iFive: Facebook Slimes Google And Doubts China Expansion, New York Times Traffic Slip, Asian Software Piracy, Yelp In Spain

1. Facebook and Google haven't exactly seen eye to eye, and now the battle seems to have turned nasty: Facebook hired a PR firm to pitch anti-Google stories to newspapers, with an angle that Google was invading user privacy. Facebook has now, seemingly, confirmed it hired Burson-Marsteller, on the grounds it thinks Google's really invading privacy, and is unfairly using Facebook's data to fuel its own social ambitions.

2. China has long been a rumored expansion target for Facebook, but a new report suggests there's a fundamental rift between CEO Mark Zuckerberg and COO Sheryl Sandberg on the move. Zuckerberg is keen, and sees that Facebook may be an agent for change in the closeted nation, whereas Sandberg is very wary about the compromises the social network would have to make to appease the authorities—which could include censorship and snooping on users.

3. The New York Times is engaged in a grand experiment in monetizing its online edition, shutting it away behind a paywall. New statistics hint that this isn't working as planned, and the paper's share of page views for all newspaper sites has fallen from 13% in March to 10.6% in April. That's the lowest share in 12 months, and it's a 24% slip that's worse than the industry average slide of 7.5% according to ComScore.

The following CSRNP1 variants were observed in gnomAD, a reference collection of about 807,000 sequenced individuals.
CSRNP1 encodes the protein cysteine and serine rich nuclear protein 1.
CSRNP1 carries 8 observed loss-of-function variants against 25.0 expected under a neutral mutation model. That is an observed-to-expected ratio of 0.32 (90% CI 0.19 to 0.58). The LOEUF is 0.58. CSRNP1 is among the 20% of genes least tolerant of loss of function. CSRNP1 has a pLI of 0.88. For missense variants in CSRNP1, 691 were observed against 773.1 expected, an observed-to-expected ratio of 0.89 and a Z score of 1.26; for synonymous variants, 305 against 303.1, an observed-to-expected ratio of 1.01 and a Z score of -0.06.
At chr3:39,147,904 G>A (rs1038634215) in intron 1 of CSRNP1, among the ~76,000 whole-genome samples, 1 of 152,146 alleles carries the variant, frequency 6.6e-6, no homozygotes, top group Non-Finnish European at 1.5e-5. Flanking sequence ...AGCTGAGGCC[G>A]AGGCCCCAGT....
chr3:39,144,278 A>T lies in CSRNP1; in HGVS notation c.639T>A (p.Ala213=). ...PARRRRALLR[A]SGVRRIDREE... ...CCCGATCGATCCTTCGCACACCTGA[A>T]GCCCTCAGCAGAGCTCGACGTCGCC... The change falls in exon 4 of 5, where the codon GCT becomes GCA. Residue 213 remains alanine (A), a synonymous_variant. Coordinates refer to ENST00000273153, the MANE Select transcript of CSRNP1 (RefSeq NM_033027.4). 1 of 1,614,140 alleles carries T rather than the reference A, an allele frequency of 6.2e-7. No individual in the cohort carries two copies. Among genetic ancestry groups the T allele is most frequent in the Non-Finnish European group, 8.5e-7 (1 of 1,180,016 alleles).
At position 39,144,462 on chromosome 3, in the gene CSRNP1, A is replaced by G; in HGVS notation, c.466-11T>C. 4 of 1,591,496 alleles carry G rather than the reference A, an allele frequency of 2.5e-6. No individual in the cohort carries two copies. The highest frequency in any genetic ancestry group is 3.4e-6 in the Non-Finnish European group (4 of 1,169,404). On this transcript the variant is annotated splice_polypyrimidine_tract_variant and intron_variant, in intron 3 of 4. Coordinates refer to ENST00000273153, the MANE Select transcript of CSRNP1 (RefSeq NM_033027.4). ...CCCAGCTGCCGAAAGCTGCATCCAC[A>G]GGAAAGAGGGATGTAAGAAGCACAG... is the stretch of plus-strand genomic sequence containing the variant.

4. Software piracy is exploding in the Asia-Pacific region, and has hit a record level of $18.7 billion in 2010—60% of the software installed on computers in this part of the world is illicit. The piracy is driven by the cost-benefit curve of using illegal software in an emerging economy—and risking potential fines or ill-performing code. China and India lead the pack, with a 78% piracy rate and a 64% one.

5. Proof that crowd-sourced local review sites work, Yelp is expanding its operations to a whole new country—Spain, which is its fifth non-U.S. regional site. The expansion is motivated by a doubling of Yelp's international traffic over the last year, and will see its desktop app as well as iOS and Android apps getting a Spanish makeover, making the most of a boom in mobile use of Yelp, also doubling in April versus the 2010 figure.

Chat about this news with Kit Eaton on Twitter and Fast Company too.

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